Tom Gilb

Tom Gilb has mainly worked within the software engineering community, but since 1983 with Corporate Top Management problems, and since 1988 with large-scale systems engineering (Aircraft, Telecoms and Electronics). He is an independent teacher, consultant and writer. He has published nine books, including the early coining of the term “Software Metrics” (1976). He wrote “Principles of Software Engineering Management” (1988, in 2006 in 20th printing), and “Software Inspection” (1993, about 14th printing).

In 2016 Tom released his new management planning book, ‘Value Planning’, in digital format only. He is recognized as the founder or major driver of several technical disciplines such as ‘software metrics’ and ‘evolutionary project management’. His methods are widely and officially adopted by many organizations such as IBM, Nokia, Ericsson, HP, Intel, Citigroup – and many other large and small organizations.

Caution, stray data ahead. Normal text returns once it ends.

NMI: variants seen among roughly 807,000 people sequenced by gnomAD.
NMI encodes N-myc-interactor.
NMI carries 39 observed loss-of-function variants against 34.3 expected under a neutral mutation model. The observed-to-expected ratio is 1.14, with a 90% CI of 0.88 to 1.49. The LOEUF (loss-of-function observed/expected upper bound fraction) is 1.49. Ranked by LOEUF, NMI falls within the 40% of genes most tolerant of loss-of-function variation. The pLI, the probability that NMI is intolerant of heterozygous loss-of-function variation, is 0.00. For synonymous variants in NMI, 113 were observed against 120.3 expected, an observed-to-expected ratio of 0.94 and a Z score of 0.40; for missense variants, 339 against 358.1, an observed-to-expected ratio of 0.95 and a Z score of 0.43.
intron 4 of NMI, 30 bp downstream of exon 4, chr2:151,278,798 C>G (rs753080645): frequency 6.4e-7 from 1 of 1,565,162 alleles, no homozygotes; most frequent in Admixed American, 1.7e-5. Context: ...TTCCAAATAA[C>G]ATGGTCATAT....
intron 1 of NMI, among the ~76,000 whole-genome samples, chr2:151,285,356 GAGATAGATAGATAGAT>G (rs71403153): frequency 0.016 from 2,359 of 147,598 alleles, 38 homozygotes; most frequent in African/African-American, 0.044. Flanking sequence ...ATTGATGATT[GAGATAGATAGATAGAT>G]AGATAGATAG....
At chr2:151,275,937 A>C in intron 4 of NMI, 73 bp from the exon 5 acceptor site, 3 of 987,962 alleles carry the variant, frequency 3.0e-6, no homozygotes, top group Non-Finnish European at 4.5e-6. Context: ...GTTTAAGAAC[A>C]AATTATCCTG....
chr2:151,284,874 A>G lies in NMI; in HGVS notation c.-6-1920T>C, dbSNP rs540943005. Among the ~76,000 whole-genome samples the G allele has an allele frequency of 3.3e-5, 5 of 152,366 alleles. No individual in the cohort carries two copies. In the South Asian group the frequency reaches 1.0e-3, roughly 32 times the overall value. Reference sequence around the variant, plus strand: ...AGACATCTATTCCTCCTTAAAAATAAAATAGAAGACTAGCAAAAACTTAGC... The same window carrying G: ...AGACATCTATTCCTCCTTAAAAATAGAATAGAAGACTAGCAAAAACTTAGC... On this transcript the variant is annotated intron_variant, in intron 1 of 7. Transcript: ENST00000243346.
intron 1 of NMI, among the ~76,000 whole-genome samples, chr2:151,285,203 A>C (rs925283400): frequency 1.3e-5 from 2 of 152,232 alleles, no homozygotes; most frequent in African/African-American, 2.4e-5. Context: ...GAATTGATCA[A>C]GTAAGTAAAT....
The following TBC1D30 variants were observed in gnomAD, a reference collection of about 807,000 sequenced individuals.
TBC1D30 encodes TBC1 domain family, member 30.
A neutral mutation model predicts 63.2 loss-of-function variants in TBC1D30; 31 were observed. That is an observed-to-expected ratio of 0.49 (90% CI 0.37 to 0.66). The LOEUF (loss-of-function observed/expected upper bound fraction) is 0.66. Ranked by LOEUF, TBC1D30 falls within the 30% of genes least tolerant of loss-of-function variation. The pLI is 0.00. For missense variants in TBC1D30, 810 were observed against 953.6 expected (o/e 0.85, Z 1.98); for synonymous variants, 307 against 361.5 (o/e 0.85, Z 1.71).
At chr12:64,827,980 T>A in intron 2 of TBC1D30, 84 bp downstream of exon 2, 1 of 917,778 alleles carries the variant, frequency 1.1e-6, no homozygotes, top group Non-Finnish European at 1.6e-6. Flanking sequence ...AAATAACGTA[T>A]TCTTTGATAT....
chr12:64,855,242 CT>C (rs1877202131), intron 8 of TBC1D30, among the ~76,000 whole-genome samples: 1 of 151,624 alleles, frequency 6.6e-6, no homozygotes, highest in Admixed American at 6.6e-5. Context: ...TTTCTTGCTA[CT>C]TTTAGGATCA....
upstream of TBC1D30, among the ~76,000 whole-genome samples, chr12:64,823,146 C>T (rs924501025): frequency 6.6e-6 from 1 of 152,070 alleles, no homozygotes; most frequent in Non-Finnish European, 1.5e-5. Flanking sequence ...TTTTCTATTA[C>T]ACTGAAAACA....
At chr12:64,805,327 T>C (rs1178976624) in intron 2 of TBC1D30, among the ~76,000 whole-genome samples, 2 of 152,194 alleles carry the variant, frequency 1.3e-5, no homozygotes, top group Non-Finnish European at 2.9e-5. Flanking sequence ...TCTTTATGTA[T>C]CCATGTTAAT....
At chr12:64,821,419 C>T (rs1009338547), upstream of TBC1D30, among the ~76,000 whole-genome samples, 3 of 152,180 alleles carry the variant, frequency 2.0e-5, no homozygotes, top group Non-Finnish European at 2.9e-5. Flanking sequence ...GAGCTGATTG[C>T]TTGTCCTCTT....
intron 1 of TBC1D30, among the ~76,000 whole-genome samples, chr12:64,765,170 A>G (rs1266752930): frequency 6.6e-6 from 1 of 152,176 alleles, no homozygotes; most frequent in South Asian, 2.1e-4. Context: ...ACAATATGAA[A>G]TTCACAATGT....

We are all continuously bombarded with old and new methods and processes for planning and doing software projects. Many methods seem to be chosen because they are a current fashion: but these fashions come and go, and none are proven lasting powerful solutions, to the problem of management of software system complexity. Our failure rate of projects is a long lasting embarrassment to the profession. We are in fact, not very professional.
In this talk I will kill 2 birds with 1 stone. I will present a method, my invention, the Planning Language ‘Planguage’, Including the ‘Impact Estimation Table’. It can be used to set multiple quantified value and quality objectives, tailored to your organizational needs for software project development. Then it can systematically estimate the quantified impacts and costs of any interesting set of methods, on your objectives. This will allow you to see more clearly which methods are most appropriate for you.
But the fun is that this Planguage tool can also be used for many software projects, particularly for requirements, architecture, quality assurance, and project management. It enables us to take true engineering approach to software development. It is not for everybody, but it is for the complex projects that require an engineering approach. It has decades of proven application internationally.